One of today’s buzzwords is ‘green’, and it’s hard to turn on the television or looking online without seeing something about companies becoming more sustainable. Whether it’s the continued success of electric car companies, or clothing brands taking to utilising recycled materials, it is a change the world needs and one that I encourage.
No sector, however, has been hit harder recently than the hospitality business. With rubbish accumulating in the ocean due to items like plastic straws, single-use coffee cups and plastic bottles, business owners have had to start transitioning to more sustainable means.
Looking at the facts
A recent study released by the Department for Environment, Food and Rural Affairs (DEFRA) outlines the Governments intentions to ‘ban the sale of plastic straws, drink stirrers and plastic-stemmed cotton buds’. These smaller plastic items are currently being targeted by activist groups as they are more likely to evade filters and get into the ocean and are more likely to do the most harm.
This announcement comes in the wake of the 5p plastic carrier bag charge, which has since seen 9 billion fewer plastic bags being distributed. Despite initial backlash, people have now seen how easy it is to make eco-friendly changes and last year a study by Unilever found that one third of consumers are actively choosing to buy from brands that they believe are doing social or environmental good.
This shift to eco-friendly is noted across all generations, but none more than the millennial generation. A 2015 Nielsen report found that 73% of millennials are willing to pay extra for sustainable offerings, which was up from 50% in 2014. I can only imagine this number has continued to rise, and with it, consumers’ buying habits will continue to stray towards the planet-conscious.
One step being taken in the food industry is the appearance of plastic-free supermarkets. Another common complaint is the over-packaging consumers experience within supermarkets and how unnecessary a lot of it is. Plastic-free supermarkets look to cut this out completely by encouraging customers to bring their own containers or use the biodegradable paper bags in store.
Recently, The Clean Kilo in Digbeth became Birmingham’s first plastic-free supermarket after an incredibly successful £20,000 crowdfunding campaign. As well as encouraging customers to buy in bulk and bring their own reusable containers, the store also makes a conscious effort to buy locally and even in some places grow their products on the premises.
Initiatives like this show that there is demand for these practices in every level of the food business, and a large shift is happening with consumers looking to cut out excess in every area of their consumption.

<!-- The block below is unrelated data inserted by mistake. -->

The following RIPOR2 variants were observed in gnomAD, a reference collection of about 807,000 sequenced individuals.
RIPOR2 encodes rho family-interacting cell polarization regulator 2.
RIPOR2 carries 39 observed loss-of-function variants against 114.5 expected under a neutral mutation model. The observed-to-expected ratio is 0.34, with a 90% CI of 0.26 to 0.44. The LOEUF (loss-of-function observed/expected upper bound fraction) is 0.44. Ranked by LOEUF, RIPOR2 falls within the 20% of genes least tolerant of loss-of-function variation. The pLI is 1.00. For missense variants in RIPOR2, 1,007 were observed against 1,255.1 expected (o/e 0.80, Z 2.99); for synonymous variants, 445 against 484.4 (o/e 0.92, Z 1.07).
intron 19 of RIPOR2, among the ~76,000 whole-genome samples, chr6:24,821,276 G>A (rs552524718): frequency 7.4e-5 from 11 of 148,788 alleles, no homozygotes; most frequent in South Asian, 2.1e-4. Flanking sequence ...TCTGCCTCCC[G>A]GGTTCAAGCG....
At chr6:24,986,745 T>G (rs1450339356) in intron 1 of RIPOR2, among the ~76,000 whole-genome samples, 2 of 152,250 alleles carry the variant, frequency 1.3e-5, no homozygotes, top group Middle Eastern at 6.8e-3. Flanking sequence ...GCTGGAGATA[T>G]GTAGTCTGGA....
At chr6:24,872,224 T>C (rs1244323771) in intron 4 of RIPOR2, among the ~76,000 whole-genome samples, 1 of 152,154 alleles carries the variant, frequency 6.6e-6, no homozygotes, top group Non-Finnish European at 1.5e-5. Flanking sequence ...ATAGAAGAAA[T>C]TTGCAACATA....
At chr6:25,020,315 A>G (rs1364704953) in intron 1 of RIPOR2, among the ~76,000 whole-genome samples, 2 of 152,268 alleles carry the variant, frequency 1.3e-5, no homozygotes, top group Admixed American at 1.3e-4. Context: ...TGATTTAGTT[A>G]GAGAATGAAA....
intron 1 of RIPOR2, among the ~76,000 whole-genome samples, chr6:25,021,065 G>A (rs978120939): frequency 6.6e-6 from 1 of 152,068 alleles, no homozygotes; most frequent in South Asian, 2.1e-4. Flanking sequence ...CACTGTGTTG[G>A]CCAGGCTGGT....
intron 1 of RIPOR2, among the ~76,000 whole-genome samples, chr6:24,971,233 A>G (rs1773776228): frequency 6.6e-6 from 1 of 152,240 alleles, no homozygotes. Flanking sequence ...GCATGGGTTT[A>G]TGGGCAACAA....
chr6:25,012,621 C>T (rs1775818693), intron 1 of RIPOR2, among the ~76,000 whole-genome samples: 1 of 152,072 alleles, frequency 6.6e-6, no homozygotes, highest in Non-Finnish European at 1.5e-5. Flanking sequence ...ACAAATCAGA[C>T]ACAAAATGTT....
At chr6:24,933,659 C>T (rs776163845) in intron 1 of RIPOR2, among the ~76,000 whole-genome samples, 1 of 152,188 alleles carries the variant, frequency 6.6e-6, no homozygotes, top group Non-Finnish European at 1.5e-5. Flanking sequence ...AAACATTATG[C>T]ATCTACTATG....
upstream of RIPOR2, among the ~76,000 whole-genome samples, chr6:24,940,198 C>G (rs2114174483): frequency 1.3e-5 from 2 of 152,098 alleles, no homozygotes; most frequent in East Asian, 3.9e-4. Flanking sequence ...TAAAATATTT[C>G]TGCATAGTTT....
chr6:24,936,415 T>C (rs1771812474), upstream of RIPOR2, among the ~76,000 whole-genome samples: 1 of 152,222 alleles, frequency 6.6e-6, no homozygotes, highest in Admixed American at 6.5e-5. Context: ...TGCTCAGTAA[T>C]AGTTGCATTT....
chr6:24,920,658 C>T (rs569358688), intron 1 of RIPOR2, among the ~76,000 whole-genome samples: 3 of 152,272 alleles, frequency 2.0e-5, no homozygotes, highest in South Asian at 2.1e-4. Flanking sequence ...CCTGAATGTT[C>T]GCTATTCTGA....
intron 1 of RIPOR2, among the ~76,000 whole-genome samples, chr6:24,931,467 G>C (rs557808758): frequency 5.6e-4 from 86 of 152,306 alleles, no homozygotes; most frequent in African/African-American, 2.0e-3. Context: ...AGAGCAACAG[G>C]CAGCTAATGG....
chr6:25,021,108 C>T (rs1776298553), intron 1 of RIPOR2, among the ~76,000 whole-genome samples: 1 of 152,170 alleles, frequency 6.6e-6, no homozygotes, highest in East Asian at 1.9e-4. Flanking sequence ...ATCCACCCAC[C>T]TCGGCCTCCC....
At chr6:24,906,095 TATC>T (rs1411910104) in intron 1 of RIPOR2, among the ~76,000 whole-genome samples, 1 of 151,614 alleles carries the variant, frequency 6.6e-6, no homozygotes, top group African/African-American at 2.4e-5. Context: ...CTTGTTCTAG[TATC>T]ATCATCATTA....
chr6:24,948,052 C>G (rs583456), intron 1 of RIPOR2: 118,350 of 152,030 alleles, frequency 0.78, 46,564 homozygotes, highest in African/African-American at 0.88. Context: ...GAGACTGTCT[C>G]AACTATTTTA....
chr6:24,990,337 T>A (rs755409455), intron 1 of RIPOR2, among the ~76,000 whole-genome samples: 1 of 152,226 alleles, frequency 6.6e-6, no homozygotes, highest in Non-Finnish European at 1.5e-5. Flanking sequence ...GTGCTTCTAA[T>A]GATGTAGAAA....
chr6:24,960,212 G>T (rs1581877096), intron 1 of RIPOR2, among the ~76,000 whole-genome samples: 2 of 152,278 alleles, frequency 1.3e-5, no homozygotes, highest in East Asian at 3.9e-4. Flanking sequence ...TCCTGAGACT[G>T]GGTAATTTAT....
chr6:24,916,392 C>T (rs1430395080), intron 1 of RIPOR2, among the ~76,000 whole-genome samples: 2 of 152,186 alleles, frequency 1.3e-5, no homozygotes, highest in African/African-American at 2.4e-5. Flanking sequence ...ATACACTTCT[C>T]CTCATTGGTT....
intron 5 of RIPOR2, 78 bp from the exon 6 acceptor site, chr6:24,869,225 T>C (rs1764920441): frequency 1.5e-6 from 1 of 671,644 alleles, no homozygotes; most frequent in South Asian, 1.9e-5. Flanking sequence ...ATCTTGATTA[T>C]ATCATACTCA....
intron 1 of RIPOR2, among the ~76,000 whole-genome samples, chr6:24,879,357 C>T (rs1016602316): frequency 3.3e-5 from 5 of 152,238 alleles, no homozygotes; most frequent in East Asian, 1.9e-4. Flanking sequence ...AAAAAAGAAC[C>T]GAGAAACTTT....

Making waves going forward
As this trend continues to become more popular, and more prominent in the press, companies are embracing the eco-friendly wave and riding it towards conscious consumers.
One company that will make a massive difference to the distribution of single use plastic straws is McDonald’s. The global fast food chain currently uses staggering 1.8 million straws every day in the UK alone, according to the BBC. Their plastic straws are already 100% recyclable, but they are now looking to try out paper straws. Until then they have moved their plastic straws behind the counter, in an interview with Sky News, McDonald’s chief executive Paul Pomroy said: “Customers have told us that they don't want to be given a straw and that they want to have to ask for one, so we're acting on that.”
Another major player in plastic straw distribution is Wetherspoons. The pub chain is a hotspot for drinkers on a budget and has admitted to automatically putting plastic straws into glasses instead of asking the customer before. However, from January they have started using only biodegradable straws, which they claim will stop 70 million plastic straws entering landfill or ending up in the world’s oceans every year.
Westcountry coffee chain Boston Tea Party are making a stand in a different way and have recently banned single-use coffee cups altogether. This means from now on if you visit any of their 22 locations you’ll have to bring your own cup for a takeaway drink. They have started selling reusable cups instore, and also implemented a loan system for anyone who wants to borrow a cup and bring it back.
This wave has been a long time coming, and I believe it is fantastic news for not only the environment, but the hospitality business as well. As consumers search for more sustainable practices, business owners are being forced to make changes that will help save the world and I for one could not encourage that enough.